Are you interested in making your next video project more effective? We asked 10 producers, directors and more for their advice on making it in the world of video production.
From focusing on the story to being cost conscious, these 10 tips will be useful for anyone involved in making a video, from production crew to marketing managers.
1. You don’t need film school to be a filmmaker
Our Director of Photography had dabbled with video in college but it wasn’t what he was studying. I went to school for electrical engineering and our other producer studied journalism and was working in social media marketing before he came to us. We started teaming up to make videos and next thing you know we’re running a business.
Matt Jensen – Producer, Saint West Filmworks
2. Question whether your client actually needs a video
The first thing we ask clients is: “Do you need a video?” We always want to be clear about the problem they’re trying to fix and whether video is the right solution. So many people come to us wanting a video but without any real idea about what they’ll do with it.
Richard Farr – Founder, Digital Video Experts
3. No story should be told from a technical perspective
We’re interested in the story and what we’re communicating rather than the technical approach we’ll use. I spent time as an intern in Hollywood where I got to read a lot of movie scripts and this has influenced how we work. The script is the blueprint and if it’s not on the page, it can’t be on the screen.
Erik Arheden – Executive Producer, UPPERFIRST
4. There are no more rules about how long a video must be
Thanks to the internet, there’s suddenly a Wild West of places to consume video with no rules about fitting into the traditional parameters of 60 seconds for an ad or 27½ minutes for a show. Now you just produce whatever works for the story and the short form video format is exploding.
Rob Finch – Creative Director, Blue Chalk
5. The more you plan, the better the video
Our aim is to really understand our clients’ brand, so we know what will work for them and their audience. We always send a questionnaire, asking about the video’s key goals, the story they want to tell, how they would describe the tone of the video and the number one takeaway for the viewer.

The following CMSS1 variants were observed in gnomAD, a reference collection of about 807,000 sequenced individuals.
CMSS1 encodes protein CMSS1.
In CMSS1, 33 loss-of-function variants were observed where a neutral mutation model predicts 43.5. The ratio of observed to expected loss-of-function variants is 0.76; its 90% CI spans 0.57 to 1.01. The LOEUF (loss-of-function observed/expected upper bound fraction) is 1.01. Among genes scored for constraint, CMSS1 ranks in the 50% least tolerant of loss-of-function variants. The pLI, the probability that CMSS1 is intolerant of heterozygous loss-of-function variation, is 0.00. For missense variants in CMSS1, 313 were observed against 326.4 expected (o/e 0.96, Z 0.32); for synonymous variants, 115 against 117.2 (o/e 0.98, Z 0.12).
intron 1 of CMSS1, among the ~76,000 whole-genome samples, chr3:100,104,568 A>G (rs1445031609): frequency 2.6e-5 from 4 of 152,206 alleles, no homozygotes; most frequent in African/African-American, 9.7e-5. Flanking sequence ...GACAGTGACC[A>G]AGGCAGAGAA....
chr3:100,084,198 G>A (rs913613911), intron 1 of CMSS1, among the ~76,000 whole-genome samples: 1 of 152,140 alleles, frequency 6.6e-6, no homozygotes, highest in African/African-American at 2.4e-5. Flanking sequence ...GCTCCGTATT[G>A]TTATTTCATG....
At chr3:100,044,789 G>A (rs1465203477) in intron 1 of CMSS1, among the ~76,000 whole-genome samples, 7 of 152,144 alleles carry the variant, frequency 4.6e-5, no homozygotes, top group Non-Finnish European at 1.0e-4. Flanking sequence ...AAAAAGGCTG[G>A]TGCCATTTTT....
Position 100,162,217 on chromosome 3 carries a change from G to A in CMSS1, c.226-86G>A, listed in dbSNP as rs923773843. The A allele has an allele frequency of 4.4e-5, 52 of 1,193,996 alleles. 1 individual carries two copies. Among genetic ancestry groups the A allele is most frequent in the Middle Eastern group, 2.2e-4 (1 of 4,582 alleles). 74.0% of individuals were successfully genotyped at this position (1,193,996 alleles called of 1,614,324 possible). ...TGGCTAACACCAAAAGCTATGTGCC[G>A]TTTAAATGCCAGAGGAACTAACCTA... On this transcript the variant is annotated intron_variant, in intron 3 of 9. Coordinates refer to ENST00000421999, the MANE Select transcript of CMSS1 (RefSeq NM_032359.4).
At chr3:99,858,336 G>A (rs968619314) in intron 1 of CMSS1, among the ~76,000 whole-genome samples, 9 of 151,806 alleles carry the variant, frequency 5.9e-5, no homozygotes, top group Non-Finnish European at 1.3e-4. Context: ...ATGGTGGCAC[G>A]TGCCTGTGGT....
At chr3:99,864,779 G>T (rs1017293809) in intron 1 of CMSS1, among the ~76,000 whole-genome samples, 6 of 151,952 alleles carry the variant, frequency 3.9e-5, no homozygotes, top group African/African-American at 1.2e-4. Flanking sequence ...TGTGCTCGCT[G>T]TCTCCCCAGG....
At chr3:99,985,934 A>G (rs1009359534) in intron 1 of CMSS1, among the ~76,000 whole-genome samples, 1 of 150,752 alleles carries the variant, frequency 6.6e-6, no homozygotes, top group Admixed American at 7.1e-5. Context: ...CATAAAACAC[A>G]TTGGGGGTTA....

Mike Welker – Partner, Flashframe Digital
6. Always looks for smart, simple solutions
We were shooting a commercial that was supposed to take place in a car during rush hour. Rather than take on the expense and hassle of shutting down streets for the shoot, we took over a parking lot, filled it with rented cars and shot the entire commercial there.
Steve Simkins – Director / Producer, North by Northwest
7. Data management is important
We used to use FTP for sharing videos externally. With lots of people working in a largely unmanaged shared space, file naming was often arbitrary so finding what you needed was problematic as was protecting sensitive material. It’s worth your time to source and implement a simpler file sharing and collaboration solution in order to streamline your creative process.
Martin Pelham – Manager of Media Services, LAIKA
8. Be cost-effective
We are able to offer our clients a high-end product at a competitive market rate because we have hardly any overheads. We don’t even have an office and work from anywhere like hotel lobbies or co-working spaces in whichever city we’re filming. Digital content creation is changing and so should the way we work.
Mike Collins – Director, Cinema Mercantile
9. Quality content is king
Everyone’s a potential filmmaker. The barriers to entry used to be huge as you needed a lot of money to buy the equipment, but now you can get a laptop and a decent HD camera for less than ten grand and work out of your bedroom. Even smartphones shoot decent quality video. But you still need skill to make a good film and people will pay for quality content.
John Gubba – Founder, VSI TV
10. Cutting corners won’t save you time or money
When I step on set I want to know that we’ve done everything to get the best image and on screen performance possible, because the last thing I want is to spend my client’s post-production budget fixing things. Clients often have a hard time justifying the front end costs of production. It’s your job to help them understand the value and benefits.
Scott Lyman – Founder, SPL Pictures
A simple, smart solution that will help your production studio, ad agency or marketing department take your creative process from concept to completion is Hightail.
To find out more about how features like timestamped video comments and visual versions will make your business more effective, visit www.hightail.com.